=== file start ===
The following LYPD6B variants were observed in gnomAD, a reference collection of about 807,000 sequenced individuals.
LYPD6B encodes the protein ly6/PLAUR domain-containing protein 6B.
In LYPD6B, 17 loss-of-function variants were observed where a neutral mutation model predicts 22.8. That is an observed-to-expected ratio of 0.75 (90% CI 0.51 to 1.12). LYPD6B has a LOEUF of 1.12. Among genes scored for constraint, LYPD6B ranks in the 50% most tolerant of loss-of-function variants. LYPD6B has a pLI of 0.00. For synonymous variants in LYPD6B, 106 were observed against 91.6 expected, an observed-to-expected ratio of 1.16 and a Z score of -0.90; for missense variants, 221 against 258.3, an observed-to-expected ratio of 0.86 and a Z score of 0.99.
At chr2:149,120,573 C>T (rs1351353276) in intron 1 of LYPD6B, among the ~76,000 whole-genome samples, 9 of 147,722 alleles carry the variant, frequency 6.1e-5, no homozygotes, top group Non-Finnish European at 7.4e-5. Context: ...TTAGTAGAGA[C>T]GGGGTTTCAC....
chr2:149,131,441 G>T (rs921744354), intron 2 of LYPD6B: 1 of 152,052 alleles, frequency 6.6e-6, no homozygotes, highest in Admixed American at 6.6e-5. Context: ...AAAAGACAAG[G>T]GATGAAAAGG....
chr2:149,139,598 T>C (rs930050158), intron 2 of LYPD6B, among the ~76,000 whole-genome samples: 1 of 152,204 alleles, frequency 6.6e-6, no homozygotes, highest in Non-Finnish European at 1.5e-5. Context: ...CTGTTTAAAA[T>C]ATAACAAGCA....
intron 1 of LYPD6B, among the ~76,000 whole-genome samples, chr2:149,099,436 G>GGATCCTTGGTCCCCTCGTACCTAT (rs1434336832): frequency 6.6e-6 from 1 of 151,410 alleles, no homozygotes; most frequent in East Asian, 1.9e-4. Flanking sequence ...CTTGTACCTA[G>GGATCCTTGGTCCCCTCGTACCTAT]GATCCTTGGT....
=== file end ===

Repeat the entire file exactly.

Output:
The following LYPD6B variants were observed in gnomAD, a reference collection of about 807,000 sequenced individuals.
LYPD6B encodes the protein ly6/PLAUR domain-containing protein 6B.
In LYPD6B, 17 loss-of-function variants were observed where a neutral mutation model predicts 22.8. That is an observed-to-expected ratio of 0.75 (90% CI 0.51 to 1.12). LYPD6B has a LOEUF of 1.12. Among genes scored for constraint, LYPD6B ranks in the 50% most tolerant of loss-of-function variants. LYPD6B has a pLI of 0.00. For synonymous variants in LYPD6B, 106 were observed against 91.6 expected, an observed-to-expected ratio of 1.16 and a Z score of -0.90; for missense variants, 221 against 258.3, an observed-to-expected ratio of 0.86 and a Z score of 0.99.
At chr2:149,120,573 C>T (rs1351353276) in intron 1 of LYPD6B, among the ~76,000 whole-genome samples, 9 of 147,722 alleles carry the variant, frequency 6.1e-5, no homozygotes, top group Non-Finnish European at 7.4e-5. Context: ...TTAGTAGAGA[C>T]GGGGTTTCAC....
chr2:149,131,441 G>T (rs921744354), intron 2 of LYPD6B: 1 of 152,052 alleles, frequency 6.6e-6, no homozygotes, highest in Admixed American at 6.6e-5. Context: ...AAAAGACAAG[G>T]GATGAAAAGG....
chr2:149,139,598 T>C (rs930050158), intron 2 of LYPD6B, among the ~76,000 whole-genome samples: 1 of 152,204 alleles, frequency 6.6e-6, no homozygotes, highest in Non-Finnish European at 1.5e-5. Context: ...CTGTTTAAAA[T>C]ATAACAAGCA....
intron 1 of LYPD6B, among the ~76,000 whole-genome samples, chr2:149,099,436 G>GGATCCTTGGTCCCCTCGTACCTAT (rs1434336832): frequency 6.6e-6 from 1 of 151,410 alleles, no homozygotes; most frequent in East Asian, 1.9e-4. Flanking sequence ...CTTGTACCTA[G>GGATCCTTGGTCCCCTCGTACCTAT]GATCCTTGGT....